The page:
Craftivist campaign launches after survey shows 17 percent of British shoppers would shop more often at Marks & Spencers if it paid a Living Wage.
The Craftivist Collective is joining forces with ShareAction’s AGM Army this summer to press UK retailers to pay a Living Wage. The campaigners are coordinating a series of “stitch-ins” at branches of Marks & Spencers across the UK, for crafters to sew hand-made messages onto M&S handkerchiefs, to be delivered to the board, celebrity endorsers, and major shareholders of the British retail giant at its annual general meeting at Wembley Stadium on July 7th.
An online poll shows 17 percent of British shoppers would shop more often at Marks & Spencers if it paid staff a Living Wage. (Source: Opinium survey, 12th – 16th June 2015, based on 2002 online interviews across the UK).
The first “stitch-in” will take place on June 22 in London at 6:30 pm outside the Marks & Spencers on Liverpool Road, N1 0PR. Another “stitch-in” is scheduled for June 24 in Cardiff, another in Brighton on June 29, and another in Milton Keynes 30th. There will also be stitch-ins in Lincoln, Edinburgh and Birmingham amongst others.
The idea of the “stitch-ins” is to show M&S that in addition to major shareholders with billions of pounds under management, its core customer base is also fully engaged and supportive on the issue of the Living Wage, and that they expect the company to show leadership on this basic fairness issue.
Each unique hand-stitched hanky encourages board directors of M&S to commit to paying the Living Wage of £9.15 in London and £7.85 across the UK to all staff. This is a part of ShareAction’s campaign in partnership with Citizens UK to achieve the Living Wage across the FTSE 100 through shareholder activism. Nearly a quarter of FTSE 100 companies have now accredited with the Living Wage Foundation, but no high street retailer has yet signed up.
ShareAction has organised AGM questions on the Living Wage at more than 20 company AGMs so far this year.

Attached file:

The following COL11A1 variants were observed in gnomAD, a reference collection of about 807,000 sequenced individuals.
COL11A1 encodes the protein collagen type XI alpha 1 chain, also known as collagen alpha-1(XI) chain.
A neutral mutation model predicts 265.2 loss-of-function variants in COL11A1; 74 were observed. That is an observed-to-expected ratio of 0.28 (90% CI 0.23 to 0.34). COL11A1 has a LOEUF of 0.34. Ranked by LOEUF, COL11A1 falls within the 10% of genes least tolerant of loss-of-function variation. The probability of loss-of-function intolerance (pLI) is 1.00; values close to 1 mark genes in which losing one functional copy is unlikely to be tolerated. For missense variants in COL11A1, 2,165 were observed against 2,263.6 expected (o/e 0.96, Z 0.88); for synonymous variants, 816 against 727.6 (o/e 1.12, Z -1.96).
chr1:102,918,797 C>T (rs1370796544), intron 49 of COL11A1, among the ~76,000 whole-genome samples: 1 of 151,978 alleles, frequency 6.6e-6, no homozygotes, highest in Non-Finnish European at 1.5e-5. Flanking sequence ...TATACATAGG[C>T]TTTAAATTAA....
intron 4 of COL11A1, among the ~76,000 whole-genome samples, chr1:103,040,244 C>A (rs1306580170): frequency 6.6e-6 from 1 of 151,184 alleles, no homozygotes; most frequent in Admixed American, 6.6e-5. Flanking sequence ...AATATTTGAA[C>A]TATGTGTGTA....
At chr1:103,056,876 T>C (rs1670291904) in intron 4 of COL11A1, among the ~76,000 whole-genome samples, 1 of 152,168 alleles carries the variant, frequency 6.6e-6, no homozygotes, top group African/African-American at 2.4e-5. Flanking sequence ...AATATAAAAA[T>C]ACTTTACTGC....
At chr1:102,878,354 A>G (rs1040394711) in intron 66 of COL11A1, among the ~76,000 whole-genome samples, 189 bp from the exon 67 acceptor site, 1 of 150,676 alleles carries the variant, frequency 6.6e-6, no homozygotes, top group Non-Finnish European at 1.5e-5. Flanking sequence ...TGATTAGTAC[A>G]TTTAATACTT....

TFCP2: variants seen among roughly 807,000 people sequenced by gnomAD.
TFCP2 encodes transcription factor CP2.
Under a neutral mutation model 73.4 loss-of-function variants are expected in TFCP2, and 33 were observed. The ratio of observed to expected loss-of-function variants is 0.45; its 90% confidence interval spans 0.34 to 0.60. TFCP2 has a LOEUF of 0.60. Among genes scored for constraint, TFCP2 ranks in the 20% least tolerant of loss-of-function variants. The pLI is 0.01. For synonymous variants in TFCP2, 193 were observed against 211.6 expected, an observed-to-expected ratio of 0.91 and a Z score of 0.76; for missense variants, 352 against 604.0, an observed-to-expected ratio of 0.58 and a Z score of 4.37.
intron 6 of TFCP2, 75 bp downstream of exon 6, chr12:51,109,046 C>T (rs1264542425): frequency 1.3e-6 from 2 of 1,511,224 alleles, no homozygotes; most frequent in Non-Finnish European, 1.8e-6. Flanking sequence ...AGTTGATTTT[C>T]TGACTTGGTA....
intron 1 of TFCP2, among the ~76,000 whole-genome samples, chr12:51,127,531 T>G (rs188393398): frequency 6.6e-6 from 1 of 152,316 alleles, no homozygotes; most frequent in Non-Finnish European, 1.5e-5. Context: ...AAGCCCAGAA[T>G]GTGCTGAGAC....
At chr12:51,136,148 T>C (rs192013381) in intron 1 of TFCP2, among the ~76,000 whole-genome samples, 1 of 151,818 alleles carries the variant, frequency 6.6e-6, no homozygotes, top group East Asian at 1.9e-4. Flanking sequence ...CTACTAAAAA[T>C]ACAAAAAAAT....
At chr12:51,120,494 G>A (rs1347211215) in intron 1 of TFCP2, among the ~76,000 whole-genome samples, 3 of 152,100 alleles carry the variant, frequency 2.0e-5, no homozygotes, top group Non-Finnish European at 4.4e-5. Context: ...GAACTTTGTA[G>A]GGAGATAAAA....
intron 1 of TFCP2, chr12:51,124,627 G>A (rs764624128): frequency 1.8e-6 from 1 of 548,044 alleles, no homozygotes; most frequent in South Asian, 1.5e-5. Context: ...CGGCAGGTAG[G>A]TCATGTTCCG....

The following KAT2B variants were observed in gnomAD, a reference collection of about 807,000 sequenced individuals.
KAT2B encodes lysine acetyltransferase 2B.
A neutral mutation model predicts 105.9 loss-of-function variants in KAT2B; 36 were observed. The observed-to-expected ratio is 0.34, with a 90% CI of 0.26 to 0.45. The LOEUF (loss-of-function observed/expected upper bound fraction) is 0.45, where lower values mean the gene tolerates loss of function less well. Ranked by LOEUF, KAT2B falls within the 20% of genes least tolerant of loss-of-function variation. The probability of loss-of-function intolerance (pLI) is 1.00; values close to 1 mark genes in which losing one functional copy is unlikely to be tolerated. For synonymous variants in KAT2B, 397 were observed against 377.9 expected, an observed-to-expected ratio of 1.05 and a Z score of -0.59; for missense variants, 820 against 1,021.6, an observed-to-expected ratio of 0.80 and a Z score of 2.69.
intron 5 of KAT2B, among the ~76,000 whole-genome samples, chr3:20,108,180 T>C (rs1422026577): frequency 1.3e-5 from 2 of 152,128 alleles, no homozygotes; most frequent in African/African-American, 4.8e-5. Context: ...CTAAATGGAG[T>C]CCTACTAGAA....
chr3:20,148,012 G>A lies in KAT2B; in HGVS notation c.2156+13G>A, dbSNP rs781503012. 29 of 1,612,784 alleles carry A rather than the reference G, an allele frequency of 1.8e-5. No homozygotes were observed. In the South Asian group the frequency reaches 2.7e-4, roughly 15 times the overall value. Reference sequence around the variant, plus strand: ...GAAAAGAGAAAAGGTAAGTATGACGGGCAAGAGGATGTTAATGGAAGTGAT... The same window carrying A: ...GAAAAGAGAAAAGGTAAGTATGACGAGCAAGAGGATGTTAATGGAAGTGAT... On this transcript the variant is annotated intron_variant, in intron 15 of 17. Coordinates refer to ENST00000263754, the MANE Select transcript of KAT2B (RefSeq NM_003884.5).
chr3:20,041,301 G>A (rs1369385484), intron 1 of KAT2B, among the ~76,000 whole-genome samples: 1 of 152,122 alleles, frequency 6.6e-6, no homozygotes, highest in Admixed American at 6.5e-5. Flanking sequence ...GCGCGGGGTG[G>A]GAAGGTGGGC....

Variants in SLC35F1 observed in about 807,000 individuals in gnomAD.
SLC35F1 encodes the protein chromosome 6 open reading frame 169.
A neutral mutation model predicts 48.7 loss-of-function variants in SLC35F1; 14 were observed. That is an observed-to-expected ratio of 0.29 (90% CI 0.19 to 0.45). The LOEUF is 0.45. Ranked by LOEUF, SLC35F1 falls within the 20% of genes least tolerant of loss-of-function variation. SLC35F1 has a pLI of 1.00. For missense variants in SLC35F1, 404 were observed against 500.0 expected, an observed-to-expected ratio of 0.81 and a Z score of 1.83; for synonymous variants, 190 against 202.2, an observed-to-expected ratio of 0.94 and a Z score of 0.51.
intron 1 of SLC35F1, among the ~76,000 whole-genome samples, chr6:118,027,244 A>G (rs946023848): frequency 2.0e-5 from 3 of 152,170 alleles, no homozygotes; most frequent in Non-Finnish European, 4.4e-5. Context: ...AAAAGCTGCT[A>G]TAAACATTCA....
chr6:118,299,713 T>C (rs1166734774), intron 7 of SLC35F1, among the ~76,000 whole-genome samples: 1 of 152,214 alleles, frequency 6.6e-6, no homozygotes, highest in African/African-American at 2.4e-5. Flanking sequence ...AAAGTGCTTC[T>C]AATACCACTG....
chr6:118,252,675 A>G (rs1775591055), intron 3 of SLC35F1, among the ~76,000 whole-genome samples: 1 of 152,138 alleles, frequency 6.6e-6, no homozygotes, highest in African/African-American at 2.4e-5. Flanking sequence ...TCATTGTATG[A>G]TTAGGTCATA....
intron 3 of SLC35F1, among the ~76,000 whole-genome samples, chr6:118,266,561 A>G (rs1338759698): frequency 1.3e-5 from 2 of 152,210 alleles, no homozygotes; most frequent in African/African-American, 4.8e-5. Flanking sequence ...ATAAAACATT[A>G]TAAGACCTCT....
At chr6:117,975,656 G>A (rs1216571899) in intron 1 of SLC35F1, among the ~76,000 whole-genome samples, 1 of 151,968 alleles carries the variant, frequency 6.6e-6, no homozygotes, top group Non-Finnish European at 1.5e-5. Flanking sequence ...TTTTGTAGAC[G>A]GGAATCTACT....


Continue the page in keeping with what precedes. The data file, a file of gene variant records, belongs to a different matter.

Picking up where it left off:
ShareAction is simultaneously mobilising an Investor Collaborative for the Living Wage made up of institutional shareholders with billions of pounds in British companies, including asset managers, pension funds, charity and faith investors. These large shareholders have written in 2015 to all of the FTSE 100, including M&S, in support of the Living Wage.
Crafters will be giving M&S handkerchiefs with personalised positive messages stitched into them to all 14 board members of M&S, as well as to its largest shareholders, and to the 2014 celebrities who feature in the company’s ad campaign: Annie Lennox, Emma Thompson, Alex Wek, Rita Ora, Dowreen Lawrence, Lulu Kennedy, and Rachel Khoo.
They will also be handing out 250 special handkerchief craft kits with a Living Wage message printed on them to shareholders at the company’s Annual General Meeting, so that shareholders can stitch too, to encourage themselves to support the Living Wage. These kits include an ethical hanky, needle and thread, instructions, and a briefing note on investment risk.
M&S Chief Executive Marc Bolland is paid £2.1million a year. Last year, his company refused to consider a Living Wage at its Annual General Meeting. Later, at a meeting with campaigners, the company again refused to consider paying the Living Wage.
Sarah Corbett, founder of the Craftivist Collective, said: “Marks & Spencer is supposed to be a company with solid values threaded through all that they do, which include paying your workers fairly. We’re sending the board and shareholders these carefully hand-stitched handkerchiefs to encourage the company not to ‘blow’ their chance to support life-changing decisions.”
Catherine Howarth, Chief Executive of ShareAction says: “This craftivist initiative at the M&S AGM is nothing to ‘sniff at’. Sarah and her amazing stitchers are devoting hours to creating gifts the M&S board we hope will treasure and remember forever. People adore M&S but they want to see the company step up and become a Living Wage employer. The many big shareholders backing this call know it makes business sense as well as being the right thing to do.”
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